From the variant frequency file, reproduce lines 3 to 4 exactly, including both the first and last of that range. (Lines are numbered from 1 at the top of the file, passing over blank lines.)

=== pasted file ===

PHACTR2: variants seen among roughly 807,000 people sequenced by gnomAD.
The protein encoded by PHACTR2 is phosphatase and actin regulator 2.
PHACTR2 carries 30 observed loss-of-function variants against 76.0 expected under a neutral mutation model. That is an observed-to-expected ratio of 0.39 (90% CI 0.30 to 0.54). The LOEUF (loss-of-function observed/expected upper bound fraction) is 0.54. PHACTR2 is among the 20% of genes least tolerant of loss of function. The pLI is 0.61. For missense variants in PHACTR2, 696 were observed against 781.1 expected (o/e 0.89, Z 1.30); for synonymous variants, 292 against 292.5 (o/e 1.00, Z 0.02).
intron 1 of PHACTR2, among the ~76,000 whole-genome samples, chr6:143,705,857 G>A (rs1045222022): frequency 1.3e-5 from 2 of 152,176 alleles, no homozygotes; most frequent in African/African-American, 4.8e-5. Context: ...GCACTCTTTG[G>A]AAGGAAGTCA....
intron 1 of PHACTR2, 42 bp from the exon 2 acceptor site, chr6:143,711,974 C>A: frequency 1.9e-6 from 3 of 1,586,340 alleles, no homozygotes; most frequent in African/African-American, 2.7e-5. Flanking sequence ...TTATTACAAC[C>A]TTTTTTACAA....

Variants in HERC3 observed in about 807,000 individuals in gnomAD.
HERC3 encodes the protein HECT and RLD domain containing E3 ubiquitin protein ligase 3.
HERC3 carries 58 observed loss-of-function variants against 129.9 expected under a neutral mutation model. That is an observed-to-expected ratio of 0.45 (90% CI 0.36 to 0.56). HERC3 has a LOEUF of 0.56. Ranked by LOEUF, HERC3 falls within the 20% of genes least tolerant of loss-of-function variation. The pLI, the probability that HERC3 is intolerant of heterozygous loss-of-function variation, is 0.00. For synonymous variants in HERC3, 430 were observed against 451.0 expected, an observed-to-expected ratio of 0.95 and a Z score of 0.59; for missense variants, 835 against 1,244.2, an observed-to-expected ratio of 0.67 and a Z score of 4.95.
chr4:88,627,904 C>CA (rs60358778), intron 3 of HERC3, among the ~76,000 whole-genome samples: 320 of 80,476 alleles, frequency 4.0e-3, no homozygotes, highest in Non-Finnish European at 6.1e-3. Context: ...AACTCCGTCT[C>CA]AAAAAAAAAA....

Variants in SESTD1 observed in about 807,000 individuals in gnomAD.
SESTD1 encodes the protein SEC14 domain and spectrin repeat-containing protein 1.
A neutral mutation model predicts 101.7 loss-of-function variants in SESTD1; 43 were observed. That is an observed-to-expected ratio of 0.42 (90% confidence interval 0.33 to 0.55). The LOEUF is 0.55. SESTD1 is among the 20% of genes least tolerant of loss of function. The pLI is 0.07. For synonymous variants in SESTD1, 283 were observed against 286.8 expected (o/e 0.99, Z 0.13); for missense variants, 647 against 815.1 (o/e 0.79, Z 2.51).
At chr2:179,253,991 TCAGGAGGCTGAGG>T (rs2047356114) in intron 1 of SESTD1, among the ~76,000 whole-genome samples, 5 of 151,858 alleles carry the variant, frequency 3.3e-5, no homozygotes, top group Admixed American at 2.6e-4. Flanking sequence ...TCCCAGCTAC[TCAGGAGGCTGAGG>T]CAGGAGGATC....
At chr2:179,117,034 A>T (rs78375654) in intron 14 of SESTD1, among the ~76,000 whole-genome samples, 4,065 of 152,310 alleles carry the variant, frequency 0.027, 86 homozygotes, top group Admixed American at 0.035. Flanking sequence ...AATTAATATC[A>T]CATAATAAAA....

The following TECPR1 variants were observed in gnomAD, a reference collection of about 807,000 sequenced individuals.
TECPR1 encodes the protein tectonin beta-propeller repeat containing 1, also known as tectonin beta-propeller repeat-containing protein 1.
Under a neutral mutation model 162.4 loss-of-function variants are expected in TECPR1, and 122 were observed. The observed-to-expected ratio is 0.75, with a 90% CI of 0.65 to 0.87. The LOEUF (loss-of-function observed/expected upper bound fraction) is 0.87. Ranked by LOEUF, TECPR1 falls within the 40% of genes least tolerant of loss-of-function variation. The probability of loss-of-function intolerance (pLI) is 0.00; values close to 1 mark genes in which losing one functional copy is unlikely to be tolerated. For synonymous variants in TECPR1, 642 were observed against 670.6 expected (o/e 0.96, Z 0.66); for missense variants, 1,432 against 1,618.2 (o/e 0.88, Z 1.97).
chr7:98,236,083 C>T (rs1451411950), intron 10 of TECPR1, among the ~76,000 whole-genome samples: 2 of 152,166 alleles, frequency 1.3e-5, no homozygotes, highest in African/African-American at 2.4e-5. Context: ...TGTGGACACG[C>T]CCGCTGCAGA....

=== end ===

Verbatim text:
PHACTR2 carries 30 observed loss-of-function variants against 76.0 expected under a neutral mutation model. That is an observed-to-expected ratio of 0.39 (90% CI 0.30 to 0.54). The LOEUF (loss-of-function observed/expected upper bound fraction) is 0.54. PHACTR2 is among the 20% of genes least tolerant of loss of function. The pLI is 0.61. For missense variants in PHACTR2, 696 were observed against 781.1 expected (o/e 0.89, Z 1.30); for synonymous variants, 292 against 292.5 (o/e 1.00, Z 0.02).
intron 1 of PHACTR2, among the ~76,000 whole-genome samples, chr6:143,705,857 G>A (rs1045222022): frequency 1.3e-5 from 2 of 152,176 alleles, no homozygotes; most frequent in African/African-American, 4.8e-5. Context: ...GCACTCTTTG[G>A]AAGGAAGTCA....